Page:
We’re slowly working our way through Song of Songs, a poem describing six scenes in the lives of two lovers (Solomon and the Shulammite woman). Scene one (1:1-3:5) was their courtship (part a, part b). Scene two was Wedding day glory (3:6-11). We’re now reading for Wedding Night Bliss (4:1-5:1).
Remember that Song of Songs is a story, and you can see it unfolding in front of you. “How beautiful you are, my darling! Oh, how beautiful! Your eyes behind your veil are doves.” (4:1). Now he’s said that before – do you remember (1:15)? But now he goes further. Now he’s married, he enjoys more of her than he enjoyed before. So he doesn’t just describe her eyes, he describes her hair. As you go through the verses, you can see Solomon in your mind’s eye, studying her face, being intimate in a way he’s not been before. “Your teeth are like a flock of sheep just shorn, coming up from the washing. Each has its twin; not one of them is alone.” Try saying, “Hey girl, you’ve got all your teeth left – great!”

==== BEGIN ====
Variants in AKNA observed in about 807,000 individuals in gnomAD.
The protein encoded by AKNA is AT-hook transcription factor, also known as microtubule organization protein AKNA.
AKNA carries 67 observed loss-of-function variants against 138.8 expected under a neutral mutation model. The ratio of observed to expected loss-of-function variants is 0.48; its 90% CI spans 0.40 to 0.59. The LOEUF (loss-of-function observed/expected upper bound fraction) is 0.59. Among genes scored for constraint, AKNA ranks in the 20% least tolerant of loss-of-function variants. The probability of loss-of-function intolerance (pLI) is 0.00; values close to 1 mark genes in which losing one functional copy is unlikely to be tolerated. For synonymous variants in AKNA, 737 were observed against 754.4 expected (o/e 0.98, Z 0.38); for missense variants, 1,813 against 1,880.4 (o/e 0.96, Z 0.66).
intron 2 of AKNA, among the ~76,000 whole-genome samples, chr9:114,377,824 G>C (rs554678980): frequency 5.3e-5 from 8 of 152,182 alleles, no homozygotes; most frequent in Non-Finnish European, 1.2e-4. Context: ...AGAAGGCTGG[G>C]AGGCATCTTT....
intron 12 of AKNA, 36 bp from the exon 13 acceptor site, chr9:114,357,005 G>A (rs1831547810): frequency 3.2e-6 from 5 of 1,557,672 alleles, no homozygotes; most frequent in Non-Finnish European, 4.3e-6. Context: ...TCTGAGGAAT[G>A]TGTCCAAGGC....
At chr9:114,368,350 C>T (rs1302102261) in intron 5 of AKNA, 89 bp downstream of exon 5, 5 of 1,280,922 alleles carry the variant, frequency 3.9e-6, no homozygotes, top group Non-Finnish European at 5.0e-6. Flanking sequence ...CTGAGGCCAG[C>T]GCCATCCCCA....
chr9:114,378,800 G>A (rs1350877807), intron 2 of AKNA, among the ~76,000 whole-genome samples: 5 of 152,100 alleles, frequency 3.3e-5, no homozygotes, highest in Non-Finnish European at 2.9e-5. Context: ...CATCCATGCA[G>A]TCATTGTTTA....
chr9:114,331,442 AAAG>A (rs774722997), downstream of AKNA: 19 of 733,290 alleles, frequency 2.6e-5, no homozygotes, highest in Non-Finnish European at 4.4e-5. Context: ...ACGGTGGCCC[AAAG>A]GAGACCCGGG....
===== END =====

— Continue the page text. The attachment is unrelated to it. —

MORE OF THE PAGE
“Your lips are like a scarlet ribbon; your mouth is lovely.” Do you see his eyes moving around? “Your temples behind your veil are like the halves of a pomegranate.” He’s on his way down from her face now: “Your neck is like the tower of David”. She doesn’t look like a giraffe, but she is elegant. “Your two breasts are like two fawns,” he’s moving to parts of the body that he wouldn’t look at before. And that’s as far as he gets. The excitement of that is too much for him, I think – he doesn’t go any further.